New Harmony » Iron County's Harmony Mountains could soon generate renewable electricity if a Utah company's plan for a new wind farm gains approval.
Wasatch Wind Inc. is in the preliminary stages of seeing a 1,400-acre project approved on Bureau of Land Management land about five miles north of New Harmony and west of Interstate 15.
The project would include building about seven miles of transmission lines to tie into an existing power grid.
Another company is in the process of building a wind farm about 75 miles away in Beaver and Millard counties.
Christine Mikell, the project's senior manager, said the Heber City-based company is in the early stages of a process that could take more than five years to win BLM approval.
If approved, the site could include 50 wind turbines on towers 262 feet tall that would produce more than 100 megawatts of power, enough to supply energy for more than 80,000 homes.
"Things are very preliminary," Mikell said. "We're still collecting [wind] data and looking for a purchasing agreement to sell the power."
The site was chosen based on wind maps produced by the National Renewable Energy Office in Colorado and wind information complied by the state of Utah, Mikell said.
Wasatch Wind built a smaller wind farm near Spanish Fork that started generating power from nine turbines in September.
Company spokesman Lin Alder said the Spanish Fork site contributes about $112,000 in property taxes to Utah County and revenue generated for Iron County could be higher.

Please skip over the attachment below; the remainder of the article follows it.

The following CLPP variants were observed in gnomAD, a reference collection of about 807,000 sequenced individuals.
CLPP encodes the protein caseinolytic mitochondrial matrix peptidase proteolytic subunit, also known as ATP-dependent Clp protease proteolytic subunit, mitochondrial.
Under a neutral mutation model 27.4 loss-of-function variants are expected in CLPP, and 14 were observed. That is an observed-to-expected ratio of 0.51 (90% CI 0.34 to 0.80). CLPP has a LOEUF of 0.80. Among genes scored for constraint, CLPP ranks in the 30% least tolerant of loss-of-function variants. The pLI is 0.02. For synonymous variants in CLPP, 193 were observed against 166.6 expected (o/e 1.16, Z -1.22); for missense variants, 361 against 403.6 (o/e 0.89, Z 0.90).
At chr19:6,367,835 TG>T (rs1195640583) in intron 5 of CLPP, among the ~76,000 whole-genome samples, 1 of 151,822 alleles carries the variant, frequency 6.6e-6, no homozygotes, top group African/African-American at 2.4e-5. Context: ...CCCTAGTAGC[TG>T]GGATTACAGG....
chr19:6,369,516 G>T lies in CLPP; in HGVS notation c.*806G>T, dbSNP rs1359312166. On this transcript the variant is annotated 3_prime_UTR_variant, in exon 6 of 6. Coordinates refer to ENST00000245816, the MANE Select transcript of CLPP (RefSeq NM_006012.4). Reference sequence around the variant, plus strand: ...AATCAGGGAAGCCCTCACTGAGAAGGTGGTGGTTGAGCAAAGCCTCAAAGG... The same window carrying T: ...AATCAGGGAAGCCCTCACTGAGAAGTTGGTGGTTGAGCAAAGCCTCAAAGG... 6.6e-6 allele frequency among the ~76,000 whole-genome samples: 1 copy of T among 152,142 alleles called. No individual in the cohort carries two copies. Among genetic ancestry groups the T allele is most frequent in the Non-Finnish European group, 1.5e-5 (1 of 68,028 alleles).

Alder said the project's timing is good.
"Society has shifted dramatically in favor of clean energy resources," Alder said.
Rachel Tueller, a BLM spokeswoman in Cedar City, said the agency knows about the project but hasn't received any official application for it.
Wasatch Wind has a three-year lease on the property and hopes to have an application to BLM within that time frame, Mikell said.
One likely attendee for Thursday's meeting at Southern Utah University is New Harmony resident Barbara Kuhl.
"I'm very interested in hearing about wind power," Kuhl said. "There is so much pollution from the carbon we burn. I'm open to new ideas."
Kuhl hopes others at the meeting also come with open minds.
"A lot of people don't like change," she said.
A meeting is scheduled to answer the public's questions about the Harmony Mountains Wind Farm on Thursdayat 6 p.m. in the Hunter Conference Center on the campus of Southern Utah University in Cedar City.
For more on Wasatch Wind, Inc., visit wasatchwind.com.